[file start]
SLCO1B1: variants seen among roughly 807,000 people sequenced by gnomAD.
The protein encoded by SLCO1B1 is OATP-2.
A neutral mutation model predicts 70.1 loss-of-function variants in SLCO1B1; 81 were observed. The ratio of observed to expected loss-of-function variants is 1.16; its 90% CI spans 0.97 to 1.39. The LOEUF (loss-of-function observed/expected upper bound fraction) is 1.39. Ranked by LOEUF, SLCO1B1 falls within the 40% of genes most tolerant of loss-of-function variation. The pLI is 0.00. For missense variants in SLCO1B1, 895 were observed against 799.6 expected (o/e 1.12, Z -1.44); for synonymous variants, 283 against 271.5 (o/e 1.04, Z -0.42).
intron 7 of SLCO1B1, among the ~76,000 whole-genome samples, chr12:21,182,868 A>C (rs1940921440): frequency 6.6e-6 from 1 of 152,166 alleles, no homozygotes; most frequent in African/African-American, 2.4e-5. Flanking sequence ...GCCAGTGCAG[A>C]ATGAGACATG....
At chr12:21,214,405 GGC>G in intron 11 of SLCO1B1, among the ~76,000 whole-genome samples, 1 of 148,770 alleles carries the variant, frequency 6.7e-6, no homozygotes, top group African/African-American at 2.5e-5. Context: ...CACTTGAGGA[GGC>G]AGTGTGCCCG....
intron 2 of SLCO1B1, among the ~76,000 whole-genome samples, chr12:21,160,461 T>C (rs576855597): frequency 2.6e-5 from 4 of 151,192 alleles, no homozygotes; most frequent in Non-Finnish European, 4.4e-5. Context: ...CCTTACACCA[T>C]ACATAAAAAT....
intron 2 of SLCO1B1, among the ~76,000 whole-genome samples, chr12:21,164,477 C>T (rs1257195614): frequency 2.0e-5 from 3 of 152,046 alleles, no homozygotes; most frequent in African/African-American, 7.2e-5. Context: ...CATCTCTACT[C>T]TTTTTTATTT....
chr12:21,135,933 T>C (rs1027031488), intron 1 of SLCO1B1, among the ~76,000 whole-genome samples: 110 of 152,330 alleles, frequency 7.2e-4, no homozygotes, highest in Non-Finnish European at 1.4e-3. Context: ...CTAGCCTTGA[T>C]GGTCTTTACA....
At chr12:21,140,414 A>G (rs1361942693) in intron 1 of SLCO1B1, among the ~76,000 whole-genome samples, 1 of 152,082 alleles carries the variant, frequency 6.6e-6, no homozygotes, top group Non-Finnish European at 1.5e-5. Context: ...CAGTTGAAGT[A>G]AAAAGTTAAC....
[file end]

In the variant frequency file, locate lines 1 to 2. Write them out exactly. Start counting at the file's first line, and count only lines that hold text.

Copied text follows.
SLCO1B1: variants seen among roughly 807,000 people sequenced by gnomAD.
The protein encoded by SLCO1B1 is OATP-2.